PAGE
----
Copyright: (c) Lumpkin Coalition 2012
Design and Maintenance:
Hemlock trees have short, soft green needles. The Eastern and Carolina
Hemlock trees are dying due to a spreading infestation of the Hemlock
woolly adelgid, an aphid-like insect native to Asia. Hemlock stands are
among the only old growth forests in the east and are of great importance
to wildlife, water quality, economy, and basic quality of life.
The Hemlock woolly adelgid (HWA) is killing Georgia's beautiful Hemlocks.
This exotic aphid-like insect from Asia infests Hemlocks, sucks their sap,
and kills them in 3-6 years. Hemlocks provide cooling shade for trout
streams, food for birds, and they hold soil in place so it doesn't runoff into
The woolly adelgid is native to Asia where predator beetles hold HWA
populations in balance. Hemlocks in the western U.S. are unharmed
because a native predator beetle keeps the adelgid in check. Eastern
Hemlock species have no natural adelgid predators.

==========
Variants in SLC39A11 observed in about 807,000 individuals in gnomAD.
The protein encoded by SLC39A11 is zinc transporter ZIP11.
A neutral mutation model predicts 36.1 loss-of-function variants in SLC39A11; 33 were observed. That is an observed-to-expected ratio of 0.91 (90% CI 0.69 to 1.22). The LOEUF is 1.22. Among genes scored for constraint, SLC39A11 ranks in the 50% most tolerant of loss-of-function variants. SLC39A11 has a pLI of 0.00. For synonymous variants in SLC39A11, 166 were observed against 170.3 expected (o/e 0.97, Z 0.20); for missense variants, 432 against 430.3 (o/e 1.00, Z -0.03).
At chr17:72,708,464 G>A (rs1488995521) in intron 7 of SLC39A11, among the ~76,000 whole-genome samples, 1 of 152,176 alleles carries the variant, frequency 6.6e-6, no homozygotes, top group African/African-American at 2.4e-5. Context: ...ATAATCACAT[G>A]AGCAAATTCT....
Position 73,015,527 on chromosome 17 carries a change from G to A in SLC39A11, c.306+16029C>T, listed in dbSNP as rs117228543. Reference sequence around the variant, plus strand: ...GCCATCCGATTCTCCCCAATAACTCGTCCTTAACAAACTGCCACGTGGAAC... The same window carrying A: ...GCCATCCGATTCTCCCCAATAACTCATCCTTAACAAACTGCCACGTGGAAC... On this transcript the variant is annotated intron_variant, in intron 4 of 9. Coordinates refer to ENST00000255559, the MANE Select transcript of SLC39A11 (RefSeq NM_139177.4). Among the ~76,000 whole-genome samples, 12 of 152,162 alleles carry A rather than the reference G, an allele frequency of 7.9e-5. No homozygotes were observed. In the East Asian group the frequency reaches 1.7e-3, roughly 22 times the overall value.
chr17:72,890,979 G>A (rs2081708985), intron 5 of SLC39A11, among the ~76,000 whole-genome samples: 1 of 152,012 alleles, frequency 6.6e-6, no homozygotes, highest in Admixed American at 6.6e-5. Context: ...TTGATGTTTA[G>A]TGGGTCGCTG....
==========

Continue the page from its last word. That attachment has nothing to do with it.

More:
With an unprecedented degree of collaboration, citizen groups, government agencies, scientists and Georgia’s conservation community are working together to combat the Hemlock woolly adelgid and hopefully check its populations before it is too late for these beautiful evergreens. A three-pronged plan has been adopted at the state and federal levels to combat the HWA:Evaluating and implementing biological controls (such as beetles. Chemical controls for short-term treatment and in locations/situations where these are the best option (such as landscape and some forest settings)Preservation of genetic material for both the Eastern and Carolina Hemlock so that, in the event of a catastrophic impact by the HWA, we may be able to restore the Hemlock species in the future. Thanks to the hard work of all concerned, there are now three labs in Georgia -- one at Young Harris College, another at UGA, and the newest Predator Beetle Lab at NGCSU -- for rearing predator beetles for release on Hemlocks within our public forests. With these successes, Georgia has joined a multi-state effort to find an effective biological control for Hemlock woolly adelgid.
Update!Lumpkin Coalition opens a new front in the battle to save our Hemlocks! We now have three Hemlock hedges in place that will be used to establish predator beetle nurseries, or "insectaries." A team of Lumpkin Coalitioners, assisted by the UNG Beetle Lab and UNG faculty and student volunteers transplanted 116 Hemlock saplings this Tuesday.(March 2014) One hedge is on the UNG campus, and the other two are located on private land. This is a big first step towards deploying a non-insecticide solution for North Georgia.